Neymar’s burden of expectation is larger than Messi’s

Neymar’s burden of expectation is larger than Messi’s


ONE of the more perceptive observations on this World Cup was made on British television by Patrick Vieira the other day.

Martin O'Neill, the Ireland manager, had said "individuals will help you to win games" after he watched a half-fit Luis Suarez score the two goals that knocked England out. "Yes, but the collective will help you win the tournament," responded Vieira.

This, from a member of the French squad that won the 1998 World Cup, was truly the kind of comment that enlightens the often inane prattling of studio panels.

Vieira knows what he is talking about because he came on as a substitute to help win the trophy. He was 22 at the time, and he set up the third goal for his Arsenal club-mate Emmanuel Petit that sealed Les Bleus' 3-0 triumph over Brazil.

There was a pleasant, almost deferential tone to what Vieira said. He addressed O'Neill as "coach", and he hoped that his correction didn't come across as a smart-ass remark.

Vieira, nevertheless, was smiling.

A few nights later, when Brazil played again and relied, once again, so heavily upon Neymar Jr to beat Cameroon, I thought again of Vieira's words. Yes, of course, football is a team sport - these days a squad sport.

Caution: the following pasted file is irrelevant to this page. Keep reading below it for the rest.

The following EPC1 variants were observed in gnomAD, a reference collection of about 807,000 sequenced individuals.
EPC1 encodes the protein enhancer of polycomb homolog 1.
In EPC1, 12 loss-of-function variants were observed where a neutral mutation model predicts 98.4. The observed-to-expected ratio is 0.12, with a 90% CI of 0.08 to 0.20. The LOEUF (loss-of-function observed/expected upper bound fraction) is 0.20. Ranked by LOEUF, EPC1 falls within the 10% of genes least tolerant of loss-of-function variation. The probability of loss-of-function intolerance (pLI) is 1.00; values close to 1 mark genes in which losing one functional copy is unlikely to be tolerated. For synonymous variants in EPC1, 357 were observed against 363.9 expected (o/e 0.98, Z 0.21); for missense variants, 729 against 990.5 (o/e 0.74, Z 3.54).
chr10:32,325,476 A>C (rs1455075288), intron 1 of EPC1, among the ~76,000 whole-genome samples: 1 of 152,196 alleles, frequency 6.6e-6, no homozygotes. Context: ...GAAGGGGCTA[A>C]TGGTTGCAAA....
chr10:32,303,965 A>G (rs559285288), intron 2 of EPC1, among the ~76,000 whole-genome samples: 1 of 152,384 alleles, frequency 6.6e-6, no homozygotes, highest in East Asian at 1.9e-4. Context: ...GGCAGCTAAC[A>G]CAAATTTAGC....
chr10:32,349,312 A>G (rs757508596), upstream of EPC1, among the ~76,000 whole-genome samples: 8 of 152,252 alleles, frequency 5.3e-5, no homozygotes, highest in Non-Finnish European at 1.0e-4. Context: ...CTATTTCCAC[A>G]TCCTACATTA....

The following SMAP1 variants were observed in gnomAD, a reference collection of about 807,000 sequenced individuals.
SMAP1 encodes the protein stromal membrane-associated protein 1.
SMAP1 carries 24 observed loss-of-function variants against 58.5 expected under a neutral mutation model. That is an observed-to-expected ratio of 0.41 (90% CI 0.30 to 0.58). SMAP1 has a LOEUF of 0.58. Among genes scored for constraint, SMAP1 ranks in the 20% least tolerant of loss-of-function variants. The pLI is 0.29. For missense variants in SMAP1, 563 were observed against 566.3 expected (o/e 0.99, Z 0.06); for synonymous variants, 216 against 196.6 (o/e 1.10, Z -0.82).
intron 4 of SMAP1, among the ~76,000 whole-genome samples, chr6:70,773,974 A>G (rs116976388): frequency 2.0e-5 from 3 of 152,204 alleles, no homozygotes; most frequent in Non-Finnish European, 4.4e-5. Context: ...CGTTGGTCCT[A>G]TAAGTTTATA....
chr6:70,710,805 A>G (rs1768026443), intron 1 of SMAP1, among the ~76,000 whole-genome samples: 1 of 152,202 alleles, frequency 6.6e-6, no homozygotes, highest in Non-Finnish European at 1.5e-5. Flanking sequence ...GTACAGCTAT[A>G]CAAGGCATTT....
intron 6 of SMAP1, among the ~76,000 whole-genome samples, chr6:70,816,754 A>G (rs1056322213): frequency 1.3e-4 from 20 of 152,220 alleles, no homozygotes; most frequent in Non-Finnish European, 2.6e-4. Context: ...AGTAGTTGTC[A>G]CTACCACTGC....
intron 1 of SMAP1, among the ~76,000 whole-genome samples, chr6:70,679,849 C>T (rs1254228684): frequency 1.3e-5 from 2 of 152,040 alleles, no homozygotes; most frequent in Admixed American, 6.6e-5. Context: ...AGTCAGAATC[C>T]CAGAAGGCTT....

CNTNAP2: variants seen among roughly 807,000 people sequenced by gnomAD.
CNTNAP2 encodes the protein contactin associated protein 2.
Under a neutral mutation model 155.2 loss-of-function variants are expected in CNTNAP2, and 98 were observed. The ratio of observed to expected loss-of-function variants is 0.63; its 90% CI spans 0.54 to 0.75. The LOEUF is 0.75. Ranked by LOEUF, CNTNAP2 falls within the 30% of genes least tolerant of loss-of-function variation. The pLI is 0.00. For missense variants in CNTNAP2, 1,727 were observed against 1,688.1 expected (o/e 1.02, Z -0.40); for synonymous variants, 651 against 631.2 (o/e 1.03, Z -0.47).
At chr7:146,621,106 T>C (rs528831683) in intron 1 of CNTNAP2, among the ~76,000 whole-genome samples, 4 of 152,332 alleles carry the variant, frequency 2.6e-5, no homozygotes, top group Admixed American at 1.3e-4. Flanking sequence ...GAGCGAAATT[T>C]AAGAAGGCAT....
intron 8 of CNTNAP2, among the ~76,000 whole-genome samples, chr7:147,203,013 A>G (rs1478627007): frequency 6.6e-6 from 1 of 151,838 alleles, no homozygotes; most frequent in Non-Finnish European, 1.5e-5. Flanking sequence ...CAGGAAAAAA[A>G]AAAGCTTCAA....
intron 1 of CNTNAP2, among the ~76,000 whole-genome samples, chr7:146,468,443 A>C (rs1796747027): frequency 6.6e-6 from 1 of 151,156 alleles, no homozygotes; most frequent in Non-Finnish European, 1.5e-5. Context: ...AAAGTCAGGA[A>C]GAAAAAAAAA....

But where would Brazil be without Neymar? Would the host nation that has waited 64 years, waited seemingly forever, to win the World Cup on home soil even have got through the group without the poster boy?

I doubt it. Neymar scored twice against the Africans, just as he scored twice to calm Brazil's nerves and set the country on its way in the opening fixture against Croatia.

Neymar, Neymar, Neymar. You cannot escape him anywhere. His face is on every street corner. His image is lit up the way that the statue of Christ the Redeemer was lit up in Brazil's national colours.

He is 22, the same age as Vieira was in 1998. But Neymar is no substitute, and there is probably no substitute in any country, let alone Brazil, who can do what he is doing.

Brazil have a long way to go, but they are on the road to the Maracana in huge part because Neymar has four goals, and a career span of 35 goals and 22 assists in 53 games for the national team.

Remarkable figures, and a breath-taking transformation from December 2011 when Neymar and Santos were crushed 4-0 by Lionel Messi and Barcelona in the final of the Club World Cup in Yokohama, outside Tokyo.

That night in Japan, the apprentice Neymar walked up to the best player on earth and asked for his shirt.

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